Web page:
Justin, John and I have been in Jamaica almost two weeks, and the “Sharpied” names on our Rite in the Rain notebook covers have already faded off, our shirts smell soberingly of rotting onion, and our feet are eager to be released from their boots at any opportunity. At one point John had over a hundred tick nymphs on his body––the actual count was 163––but we won’t talk any more about that.
We’ve seen over sixty species of bird in our twelve days here, and only one of them has been a swallow: the Cave Swallow. In general, aerial insectivores like swifts and swallows have been quite scarce, which is really surprising since we’re going through huge swaths of great habitat.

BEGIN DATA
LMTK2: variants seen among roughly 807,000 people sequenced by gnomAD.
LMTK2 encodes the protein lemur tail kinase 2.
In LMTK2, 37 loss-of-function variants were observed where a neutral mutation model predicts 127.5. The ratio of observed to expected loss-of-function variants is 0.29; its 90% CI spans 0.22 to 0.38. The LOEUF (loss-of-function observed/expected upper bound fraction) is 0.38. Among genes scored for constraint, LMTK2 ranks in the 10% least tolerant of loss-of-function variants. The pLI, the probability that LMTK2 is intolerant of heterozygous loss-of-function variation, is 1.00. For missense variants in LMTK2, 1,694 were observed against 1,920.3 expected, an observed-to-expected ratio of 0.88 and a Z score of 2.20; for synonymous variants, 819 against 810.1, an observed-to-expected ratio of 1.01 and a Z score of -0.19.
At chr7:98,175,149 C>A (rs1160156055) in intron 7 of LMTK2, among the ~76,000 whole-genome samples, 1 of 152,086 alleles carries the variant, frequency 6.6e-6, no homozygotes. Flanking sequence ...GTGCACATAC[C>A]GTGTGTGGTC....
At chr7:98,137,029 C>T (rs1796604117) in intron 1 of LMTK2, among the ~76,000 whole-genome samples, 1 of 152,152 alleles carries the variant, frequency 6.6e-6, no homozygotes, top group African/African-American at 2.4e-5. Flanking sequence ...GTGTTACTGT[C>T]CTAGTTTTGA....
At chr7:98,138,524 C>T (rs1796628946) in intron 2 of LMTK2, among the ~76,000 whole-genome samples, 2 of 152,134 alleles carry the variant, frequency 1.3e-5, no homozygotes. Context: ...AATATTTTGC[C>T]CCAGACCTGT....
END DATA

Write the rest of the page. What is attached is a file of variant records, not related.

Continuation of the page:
These last several days we spent covering the northern portion of Cockpit Country and its borderlands, getting both full rainforest and heavily
fragmented edge ecosystems, the latter of which actually seem more likely to host a pocket of Golden Swallows given their foraging and nesting behavior.
A road known as Barbecue Bottom in the northeast of Cockpit Country was among the last areas where the species was confidently seen, so we’ve been moving along cliffs, in valleys, and through head-high ferns to get the best views possible of ideal swallow habitat.
From here we’re heading down to check out the southern portion of Cockpit Country and reconnect with several of the interior trails that we hiked halfway on from the north so we could later tackle the remaining portions from the south. Over these last two weeks we’ve been getting great use out of our gear and we look forward to reviewing the panoply of items when we have time!